School’s Out for Summer

School’s Out for Summer

Pipeline on the north shore of Oahu where Hami...

Summer is here! You know what that means? Longer days, no school, freedom from the confines of homework and school rules, luscious days at the beach, reveling in sun and surf, long hikes in the hills and of course, less direct parental supervision. It also portends some boredom-filled days, which can be a recipe for impending degeneracy. Adolescent experimentation with drugs, alcohol, sex, and other high-risk activities tend to rise in the summer months. The temptation to experiment with the verboten is seductive: parents are at work, medicine cabinets are full, and there’s really no one to check in with.

Once again, it’s time to have the ubiquitous sit-down with your teen, and have an open-book discussion about some of these issues. As I wrote previously, our capacity as parents to be transparent about our own experiences is invaluable. We have the ability to impart some useful information if we’re willing to be honest, regardless of our plummeting coolness factor. Mark Twain described the fissure in adolescent intellectual reasoning quite accurately when he said: “When I was a boy of 14, my father was so ignorant I could hardly stand to have the old man around. But when I got to be 21, I was astonished by how much he’d learned in seven years.” It’s not so much that we don’t know anything, as much as our ideologies as parents just appear stuffy and unfair to the burgeoning youth. As teens, pushing boundaries and garnering bits of emotional and physical freedom versus blindly following along are part of the maturation process, as frustrating as that may be for adults. The thing is, it’s better to deal with any problems right when they happen, and not when the first Fall report card comes in.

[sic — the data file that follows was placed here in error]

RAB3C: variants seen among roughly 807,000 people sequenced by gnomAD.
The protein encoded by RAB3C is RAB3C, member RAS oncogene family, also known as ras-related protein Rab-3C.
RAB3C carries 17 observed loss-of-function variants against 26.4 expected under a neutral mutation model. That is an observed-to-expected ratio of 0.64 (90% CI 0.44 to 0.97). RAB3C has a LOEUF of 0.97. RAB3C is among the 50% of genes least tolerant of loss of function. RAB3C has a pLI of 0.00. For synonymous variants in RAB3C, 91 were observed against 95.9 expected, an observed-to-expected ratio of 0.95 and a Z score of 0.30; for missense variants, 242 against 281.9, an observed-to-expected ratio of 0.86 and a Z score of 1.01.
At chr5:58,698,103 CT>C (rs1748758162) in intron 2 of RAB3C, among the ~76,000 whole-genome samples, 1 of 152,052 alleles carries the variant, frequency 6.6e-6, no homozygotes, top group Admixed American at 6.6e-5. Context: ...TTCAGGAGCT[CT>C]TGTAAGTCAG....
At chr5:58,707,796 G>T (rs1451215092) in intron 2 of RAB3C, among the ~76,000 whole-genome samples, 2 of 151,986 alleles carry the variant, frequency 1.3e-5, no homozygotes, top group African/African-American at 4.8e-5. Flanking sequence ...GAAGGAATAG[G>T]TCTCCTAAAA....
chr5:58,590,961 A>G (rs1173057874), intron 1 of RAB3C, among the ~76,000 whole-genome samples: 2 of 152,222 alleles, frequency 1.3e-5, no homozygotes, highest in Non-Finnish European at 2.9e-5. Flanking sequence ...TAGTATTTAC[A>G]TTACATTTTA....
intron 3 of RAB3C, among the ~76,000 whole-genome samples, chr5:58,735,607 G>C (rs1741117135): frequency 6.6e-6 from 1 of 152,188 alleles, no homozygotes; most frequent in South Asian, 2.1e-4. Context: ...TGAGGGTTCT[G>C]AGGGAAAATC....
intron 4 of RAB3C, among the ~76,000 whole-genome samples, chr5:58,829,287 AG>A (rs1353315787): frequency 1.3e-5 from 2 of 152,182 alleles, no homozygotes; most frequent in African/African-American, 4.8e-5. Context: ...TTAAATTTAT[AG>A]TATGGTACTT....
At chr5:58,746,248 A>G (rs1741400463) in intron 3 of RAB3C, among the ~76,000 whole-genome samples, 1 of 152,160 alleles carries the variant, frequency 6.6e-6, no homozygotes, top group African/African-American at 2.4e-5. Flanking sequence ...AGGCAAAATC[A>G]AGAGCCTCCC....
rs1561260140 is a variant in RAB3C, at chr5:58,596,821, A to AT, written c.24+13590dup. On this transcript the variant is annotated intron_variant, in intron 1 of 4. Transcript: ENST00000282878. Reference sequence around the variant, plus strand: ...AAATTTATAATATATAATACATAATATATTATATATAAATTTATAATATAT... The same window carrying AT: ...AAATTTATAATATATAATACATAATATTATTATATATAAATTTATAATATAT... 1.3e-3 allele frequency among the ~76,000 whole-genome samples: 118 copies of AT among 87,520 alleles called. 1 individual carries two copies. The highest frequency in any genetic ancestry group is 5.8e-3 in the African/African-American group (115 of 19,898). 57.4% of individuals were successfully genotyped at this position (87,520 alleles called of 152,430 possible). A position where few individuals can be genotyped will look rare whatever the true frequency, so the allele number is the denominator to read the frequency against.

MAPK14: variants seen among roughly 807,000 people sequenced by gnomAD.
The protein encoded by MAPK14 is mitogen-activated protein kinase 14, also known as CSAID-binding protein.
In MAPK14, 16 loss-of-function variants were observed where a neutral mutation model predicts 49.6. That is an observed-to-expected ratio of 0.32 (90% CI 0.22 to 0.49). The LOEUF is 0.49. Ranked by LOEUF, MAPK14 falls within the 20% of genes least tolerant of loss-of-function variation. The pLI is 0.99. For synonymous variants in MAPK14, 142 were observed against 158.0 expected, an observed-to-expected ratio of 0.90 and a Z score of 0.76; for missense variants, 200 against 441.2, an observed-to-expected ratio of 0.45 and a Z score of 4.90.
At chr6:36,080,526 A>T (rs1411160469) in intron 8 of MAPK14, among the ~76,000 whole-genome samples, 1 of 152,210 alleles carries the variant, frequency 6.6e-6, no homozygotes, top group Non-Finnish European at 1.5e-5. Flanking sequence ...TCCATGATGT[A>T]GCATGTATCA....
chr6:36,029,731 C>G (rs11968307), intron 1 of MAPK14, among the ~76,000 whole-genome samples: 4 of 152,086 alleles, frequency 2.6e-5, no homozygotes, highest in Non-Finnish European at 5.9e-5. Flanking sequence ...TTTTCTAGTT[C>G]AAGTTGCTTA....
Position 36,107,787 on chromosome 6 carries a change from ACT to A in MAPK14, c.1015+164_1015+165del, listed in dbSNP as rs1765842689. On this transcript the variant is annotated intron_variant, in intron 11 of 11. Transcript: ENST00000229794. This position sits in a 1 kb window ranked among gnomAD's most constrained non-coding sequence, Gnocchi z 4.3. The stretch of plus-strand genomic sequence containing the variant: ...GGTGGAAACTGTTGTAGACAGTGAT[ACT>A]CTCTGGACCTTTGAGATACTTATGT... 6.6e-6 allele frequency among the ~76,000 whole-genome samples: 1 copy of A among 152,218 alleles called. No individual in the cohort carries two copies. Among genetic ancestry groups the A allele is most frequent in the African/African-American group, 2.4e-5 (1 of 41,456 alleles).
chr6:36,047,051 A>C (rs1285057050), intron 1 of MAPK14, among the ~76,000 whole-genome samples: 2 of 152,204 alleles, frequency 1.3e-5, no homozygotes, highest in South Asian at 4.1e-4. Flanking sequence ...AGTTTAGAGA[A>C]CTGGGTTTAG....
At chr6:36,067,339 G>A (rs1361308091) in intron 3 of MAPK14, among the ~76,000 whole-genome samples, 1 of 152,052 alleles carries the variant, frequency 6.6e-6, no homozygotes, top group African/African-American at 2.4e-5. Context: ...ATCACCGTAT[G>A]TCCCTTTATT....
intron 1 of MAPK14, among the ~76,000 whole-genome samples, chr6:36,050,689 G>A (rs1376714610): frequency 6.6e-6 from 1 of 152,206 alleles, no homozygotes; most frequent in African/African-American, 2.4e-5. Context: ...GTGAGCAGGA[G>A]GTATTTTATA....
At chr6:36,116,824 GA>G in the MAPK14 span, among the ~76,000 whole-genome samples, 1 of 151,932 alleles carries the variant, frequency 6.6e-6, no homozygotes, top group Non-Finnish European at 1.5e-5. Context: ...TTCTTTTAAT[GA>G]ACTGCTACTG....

Summer should be fun. It’s a wonderful time to explore and learn new things, while garnering some independence along the way. So, how can we ensure they have fun while we stay sane and they stay safe?

  • Know who your child’s friends are. If you don’t, make an effort to get to know them.
  • Ask your child to check in with you regularly.
  • Make sure that you see them on a regular basis. In other words, if your teen spends more time away than at home, time to investigate.
  • Remember family dinners? Have at least two a week.
  • Talk to your kids. Find out what they’re doing, what their interests are. I can’t emphasis this one enough.

Just because your kids aren’t in school for a spell doesn’t mean you get a break from parenting. Be present for your kids. Let them know you love them, but also give them a little space to come into their own.

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